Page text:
How Long You Can Safely Store Canned Food, According To The USDA

With as many as 98% of the population keeping canned food in their kitchen, it's important to know how long you can keep canned goods in storage before they go rancid (via USA Today). According to the U.S. Department of Agriculture (USDA), canned food can last indefinitely when proper canning procedures are followed. 

If you've ever wondered why the canning process enables food to last so long, the explanation is pretty straightforward. Canned food comes sealed in airtight containers, preventing bacteria from growing and causing food spoilage. Essentially, as long as air hasn't made its way into your jar or can, you can eat the food inside it even years after you bought it.

But what if your canned food has already made it past the date on the label? Fortunately, by following proper storage techniques, you can not only extend the shelf life of your canned food, but also preserve their taste. 

Understand the best by date for canned food

Though canned food can theoretically be stored indefinitely, the best by date stamped on it stipulates the timeframe within which the food retains the quality of its taste and texture. 

Per the USDA, foods that are highly acidic in nature, like canned tomatoes, are best eaten within 18 months. Low-acid foods can last even longer, with a shelf life of about five years. While that doesn't necessarily mean that the food will no longer be fit for consumption beyond those dates, the quality will certainly change. 

As former food scientist Dana Gunders told Today, "The idea that there's a magic date when foods all of a sudden 'expire' is a myth." She explains that shelf life is determined via internal evaluations of how long the food can keep its taste and texture. Meanwhile, quality assurance director Ron Giles explained that these processes involve comparing newly produced products to older samples in terms of appearance, taste, and texture. So, the date you see is more of a well-researched estimate.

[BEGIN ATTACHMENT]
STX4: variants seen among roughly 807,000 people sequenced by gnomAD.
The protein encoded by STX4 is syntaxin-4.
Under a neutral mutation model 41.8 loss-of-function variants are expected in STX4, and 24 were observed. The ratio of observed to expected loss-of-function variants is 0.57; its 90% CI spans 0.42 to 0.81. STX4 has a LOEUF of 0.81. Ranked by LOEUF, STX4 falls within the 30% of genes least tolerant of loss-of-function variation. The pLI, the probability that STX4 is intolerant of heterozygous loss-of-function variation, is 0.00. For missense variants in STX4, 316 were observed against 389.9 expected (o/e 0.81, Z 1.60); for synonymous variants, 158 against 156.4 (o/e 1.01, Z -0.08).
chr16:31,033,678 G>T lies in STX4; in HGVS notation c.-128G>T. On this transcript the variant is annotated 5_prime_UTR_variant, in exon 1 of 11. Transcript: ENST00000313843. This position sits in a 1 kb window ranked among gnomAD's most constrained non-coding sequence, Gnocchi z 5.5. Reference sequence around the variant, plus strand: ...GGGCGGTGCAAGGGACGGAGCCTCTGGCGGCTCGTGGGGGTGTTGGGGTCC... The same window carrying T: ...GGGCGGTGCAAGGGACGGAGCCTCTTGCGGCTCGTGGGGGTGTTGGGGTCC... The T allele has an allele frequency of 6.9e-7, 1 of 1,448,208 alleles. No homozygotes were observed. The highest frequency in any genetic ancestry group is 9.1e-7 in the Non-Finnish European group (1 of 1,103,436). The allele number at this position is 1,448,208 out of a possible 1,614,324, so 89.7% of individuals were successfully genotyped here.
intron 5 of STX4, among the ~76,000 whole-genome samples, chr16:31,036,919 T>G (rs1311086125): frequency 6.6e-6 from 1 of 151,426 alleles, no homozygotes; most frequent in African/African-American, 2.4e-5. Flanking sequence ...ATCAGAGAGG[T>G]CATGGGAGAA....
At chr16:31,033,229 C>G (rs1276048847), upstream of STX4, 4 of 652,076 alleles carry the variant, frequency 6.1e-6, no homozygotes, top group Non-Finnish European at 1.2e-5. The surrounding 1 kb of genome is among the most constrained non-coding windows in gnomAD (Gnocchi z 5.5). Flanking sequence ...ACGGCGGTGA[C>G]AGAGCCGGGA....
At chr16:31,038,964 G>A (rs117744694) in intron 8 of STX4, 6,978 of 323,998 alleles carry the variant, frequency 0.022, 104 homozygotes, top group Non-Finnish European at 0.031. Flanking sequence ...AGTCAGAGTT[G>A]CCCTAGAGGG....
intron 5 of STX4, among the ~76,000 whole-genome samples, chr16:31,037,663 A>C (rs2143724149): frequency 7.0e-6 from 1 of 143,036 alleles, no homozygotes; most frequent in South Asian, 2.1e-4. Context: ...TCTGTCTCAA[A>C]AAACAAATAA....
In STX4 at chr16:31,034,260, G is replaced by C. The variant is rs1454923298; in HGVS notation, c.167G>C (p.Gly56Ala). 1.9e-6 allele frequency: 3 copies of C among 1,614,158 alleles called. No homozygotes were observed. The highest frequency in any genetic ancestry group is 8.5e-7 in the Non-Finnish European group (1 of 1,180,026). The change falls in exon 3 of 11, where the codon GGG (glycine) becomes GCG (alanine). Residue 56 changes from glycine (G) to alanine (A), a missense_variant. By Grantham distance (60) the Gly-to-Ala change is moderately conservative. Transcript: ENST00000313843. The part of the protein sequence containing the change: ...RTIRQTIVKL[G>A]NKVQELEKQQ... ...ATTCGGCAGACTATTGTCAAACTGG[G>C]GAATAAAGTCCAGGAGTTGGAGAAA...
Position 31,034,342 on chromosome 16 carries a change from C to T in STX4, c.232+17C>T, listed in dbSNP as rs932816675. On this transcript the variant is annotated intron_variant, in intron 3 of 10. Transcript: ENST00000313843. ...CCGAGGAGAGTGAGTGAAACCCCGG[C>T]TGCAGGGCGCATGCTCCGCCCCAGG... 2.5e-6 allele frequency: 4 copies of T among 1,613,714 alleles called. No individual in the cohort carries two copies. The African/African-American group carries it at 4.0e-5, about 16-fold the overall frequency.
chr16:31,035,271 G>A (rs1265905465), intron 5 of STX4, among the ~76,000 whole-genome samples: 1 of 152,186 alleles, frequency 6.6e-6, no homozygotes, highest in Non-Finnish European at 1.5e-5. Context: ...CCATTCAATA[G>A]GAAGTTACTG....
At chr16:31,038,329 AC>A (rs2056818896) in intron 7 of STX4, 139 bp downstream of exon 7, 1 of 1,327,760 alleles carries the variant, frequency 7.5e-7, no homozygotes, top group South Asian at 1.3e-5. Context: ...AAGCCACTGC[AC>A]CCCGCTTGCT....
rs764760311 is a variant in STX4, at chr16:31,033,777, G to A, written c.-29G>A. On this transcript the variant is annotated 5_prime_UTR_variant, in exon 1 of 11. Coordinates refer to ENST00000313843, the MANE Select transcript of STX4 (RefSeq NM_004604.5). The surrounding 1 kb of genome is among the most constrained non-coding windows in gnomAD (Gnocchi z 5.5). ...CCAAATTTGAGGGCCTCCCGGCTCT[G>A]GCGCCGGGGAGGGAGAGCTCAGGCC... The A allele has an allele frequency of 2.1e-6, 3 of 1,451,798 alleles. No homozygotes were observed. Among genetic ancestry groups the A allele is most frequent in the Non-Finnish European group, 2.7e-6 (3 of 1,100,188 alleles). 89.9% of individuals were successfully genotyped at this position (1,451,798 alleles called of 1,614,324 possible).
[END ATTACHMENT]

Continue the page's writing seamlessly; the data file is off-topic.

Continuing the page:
How to stash your canned goods properly

If you plan to stock up your pantry with enough canned food to last, say, a decade, make sure that your storage conditions are ideal in order to preserve their quality.

According to the University of Minnesota Extension, the storage area for your canned food needs to be cool, dry, and clean. Humidity and excess moisture can be the death of your cans, as they can lead to rusting and deterioration. Avoid storing your canned food in a damp place, or near water pipes or moisture. Additionally, the temperature in your storage area should ideally be between 50 and 70 degrees.

Utah State University suggests keeping your canned goods off the floor, especially concrete floors, since moisture can seep through and promote rusting. Lastly, consider rotating your canned food as you add new finds to your stash, to ensure that your oldest stock gets consumed first.

Know when it's time to throw your canned goods away

Different factors, including rust, dents, or breakage, can allow bacteria to enter your canned food and cause spoilage. In such situations, you'll definitely want to toss your canned food. According to the Centers for Disease Control and Prevention, the toxin produced by bacteria in your canned food can cause botulism, a dangerous and even potentially fatal illness.

Be on the lookout for swollen or leaking cans, according to the National Center for Home Food Preservation. Even if the swollen cans look sealed, don't risk it; just bag them and throw them away. As for leaking cans, they must undergo a detoxification process (which involves boiling them for 30 minutes) before you dispose of them. Be sure to wear gloves while you're doing this, because the botulism toxin can still harm you if you accidentally ingest it or if it enters your body through any cracks in your skin. Lastly, disinfect the area after you're done.